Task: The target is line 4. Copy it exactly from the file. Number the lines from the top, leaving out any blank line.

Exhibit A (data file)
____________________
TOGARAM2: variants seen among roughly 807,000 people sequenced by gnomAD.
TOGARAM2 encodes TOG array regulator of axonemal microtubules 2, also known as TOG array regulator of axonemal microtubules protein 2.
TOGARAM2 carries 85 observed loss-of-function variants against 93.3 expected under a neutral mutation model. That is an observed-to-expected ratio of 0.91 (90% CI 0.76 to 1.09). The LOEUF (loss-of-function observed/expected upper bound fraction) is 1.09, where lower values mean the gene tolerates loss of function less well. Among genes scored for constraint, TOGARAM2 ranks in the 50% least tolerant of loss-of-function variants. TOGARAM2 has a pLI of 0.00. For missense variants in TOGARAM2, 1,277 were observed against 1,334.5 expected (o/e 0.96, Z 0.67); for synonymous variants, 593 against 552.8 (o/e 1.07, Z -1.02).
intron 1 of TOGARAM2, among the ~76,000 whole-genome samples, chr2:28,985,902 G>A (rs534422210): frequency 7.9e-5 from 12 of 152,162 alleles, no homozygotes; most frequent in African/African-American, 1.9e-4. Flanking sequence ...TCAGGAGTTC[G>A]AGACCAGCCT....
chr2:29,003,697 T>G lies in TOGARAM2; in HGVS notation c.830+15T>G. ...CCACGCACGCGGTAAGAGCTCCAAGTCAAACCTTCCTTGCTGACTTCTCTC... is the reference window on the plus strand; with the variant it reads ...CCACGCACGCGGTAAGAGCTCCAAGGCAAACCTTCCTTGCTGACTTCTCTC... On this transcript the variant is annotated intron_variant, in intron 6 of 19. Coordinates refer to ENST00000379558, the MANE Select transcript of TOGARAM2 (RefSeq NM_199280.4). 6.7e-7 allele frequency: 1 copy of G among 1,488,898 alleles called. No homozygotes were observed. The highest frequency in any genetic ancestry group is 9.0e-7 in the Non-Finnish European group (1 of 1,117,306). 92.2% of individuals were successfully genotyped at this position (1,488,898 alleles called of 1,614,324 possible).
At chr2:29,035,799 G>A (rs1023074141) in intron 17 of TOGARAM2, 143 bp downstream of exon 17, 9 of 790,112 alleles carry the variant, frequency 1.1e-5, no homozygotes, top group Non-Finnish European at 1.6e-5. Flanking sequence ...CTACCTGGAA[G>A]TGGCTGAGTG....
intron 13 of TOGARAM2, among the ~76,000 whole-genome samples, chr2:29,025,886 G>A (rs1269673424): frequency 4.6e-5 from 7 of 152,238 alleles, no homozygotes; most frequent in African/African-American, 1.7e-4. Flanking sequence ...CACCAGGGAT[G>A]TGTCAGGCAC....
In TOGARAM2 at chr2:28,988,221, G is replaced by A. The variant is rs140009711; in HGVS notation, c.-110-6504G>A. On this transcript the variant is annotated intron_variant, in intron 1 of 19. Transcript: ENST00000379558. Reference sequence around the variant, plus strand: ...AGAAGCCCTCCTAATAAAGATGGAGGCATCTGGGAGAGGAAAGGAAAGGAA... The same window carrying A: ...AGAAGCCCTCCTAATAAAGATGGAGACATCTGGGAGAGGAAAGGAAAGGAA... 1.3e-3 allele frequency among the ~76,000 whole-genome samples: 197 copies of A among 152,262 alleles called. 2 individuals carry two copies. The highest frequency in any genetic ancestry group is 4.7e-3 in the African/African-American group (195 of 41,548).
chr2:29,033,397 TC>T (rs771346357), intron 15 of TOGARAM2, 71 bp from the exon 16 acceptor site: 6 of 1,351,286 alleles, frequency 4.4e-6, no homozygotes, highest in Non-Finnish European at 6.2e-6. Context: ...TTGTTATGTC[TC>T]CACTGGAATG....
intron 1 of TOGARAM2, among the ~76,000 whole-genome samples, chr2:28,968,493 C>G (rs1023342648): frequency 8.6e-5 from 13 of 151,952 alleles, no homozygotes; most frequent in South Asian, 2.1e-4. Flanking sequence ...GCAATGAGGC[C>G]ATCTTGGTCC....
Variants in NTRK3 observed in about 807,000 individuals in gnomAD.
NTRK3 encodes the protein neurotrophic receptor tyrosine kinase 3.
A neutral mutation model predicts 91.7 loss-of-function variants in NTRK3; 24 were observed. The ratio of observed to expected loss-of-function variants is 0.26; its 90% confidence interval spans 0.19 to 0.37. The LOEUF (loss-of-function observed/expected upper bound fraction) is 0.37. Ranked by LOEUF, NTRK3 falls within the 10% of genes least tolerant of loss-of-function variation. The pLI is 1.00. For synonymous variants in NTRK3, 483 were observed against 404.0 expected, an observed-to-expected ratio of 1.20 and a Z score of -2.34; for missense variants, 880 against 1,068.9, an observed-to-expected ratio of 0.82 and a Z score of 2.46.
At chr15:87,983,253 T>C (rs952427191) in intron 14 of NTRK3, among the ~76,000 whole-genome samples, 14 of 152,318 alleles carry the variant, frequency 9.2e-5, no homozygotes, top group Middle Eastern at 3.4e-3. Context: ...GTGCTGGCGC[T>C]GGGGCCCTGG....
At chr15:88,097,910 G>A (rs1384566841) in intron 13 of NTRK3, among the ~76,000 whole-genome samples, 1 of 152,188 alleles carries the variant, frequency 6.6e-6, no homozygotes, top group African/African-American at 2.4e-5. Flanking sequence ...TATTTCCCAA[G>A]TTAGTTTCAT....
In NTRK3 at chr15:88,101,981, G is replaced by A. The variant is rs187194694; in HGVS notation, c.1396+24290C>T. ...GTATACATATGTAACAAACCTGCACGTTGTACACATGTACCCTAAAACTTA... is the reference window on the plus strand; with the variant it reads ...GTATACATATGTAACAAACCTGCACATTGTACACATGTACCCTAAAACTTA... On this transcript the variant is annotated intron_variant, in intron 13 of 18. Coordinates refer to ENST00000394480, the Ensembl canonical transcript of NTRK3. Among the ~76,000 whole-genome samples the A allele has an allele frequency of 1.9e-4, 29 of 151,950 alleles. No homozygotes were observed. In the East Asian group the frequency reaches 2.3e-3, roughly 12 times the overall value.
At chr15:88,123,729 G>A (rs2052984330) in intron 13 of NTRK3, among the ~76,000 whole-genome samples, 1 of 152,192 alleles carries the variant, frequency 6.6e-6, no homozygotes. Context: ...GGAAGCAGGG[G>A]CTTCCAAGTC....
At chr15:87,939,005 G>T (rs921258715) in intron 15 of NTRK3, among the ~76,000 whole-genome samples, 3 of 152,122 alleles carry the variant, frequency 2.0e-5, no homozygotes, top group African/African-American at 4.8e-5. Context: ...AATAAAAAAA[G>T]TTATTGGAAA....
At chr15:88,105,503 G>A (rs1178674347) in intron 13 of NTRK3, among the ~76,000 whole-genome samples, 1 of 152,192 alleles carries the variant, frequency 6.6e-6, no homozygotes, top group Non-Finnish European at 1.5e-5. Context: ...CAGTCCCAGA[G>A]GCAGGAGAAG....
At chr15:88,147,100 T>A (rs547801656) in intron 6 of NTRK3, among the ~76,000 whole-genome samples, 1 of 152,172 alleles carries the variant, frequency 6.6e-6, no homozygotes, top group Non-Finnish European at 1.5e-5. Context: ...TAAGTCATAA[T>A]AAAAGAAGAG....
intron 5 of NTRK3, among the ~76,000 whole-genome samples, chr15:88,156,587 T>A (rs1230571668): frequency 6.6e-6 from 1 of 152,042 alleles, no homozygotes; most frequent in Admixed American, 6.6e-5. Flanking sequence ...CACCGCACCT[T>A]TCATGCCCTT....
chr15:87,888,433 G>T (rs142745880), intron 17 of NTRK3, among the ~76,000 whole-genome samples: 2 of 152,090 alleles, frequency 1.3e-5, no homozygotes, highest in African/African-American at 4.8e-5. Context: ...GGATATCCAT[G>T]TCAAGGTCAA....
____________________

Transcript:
intron 1 of TOGARAM2, among the ~76,000 whole-genome samples, chr2:28,985,902 G>A (rs534422210): frequency 7.9e-5 from 12 of 152,162 alleles, no homozygotes; most frequent in African/African-American, 1.9e-4. Flanking sequence ...TCAGGAGTTC[G>A]AGACCAGCCT....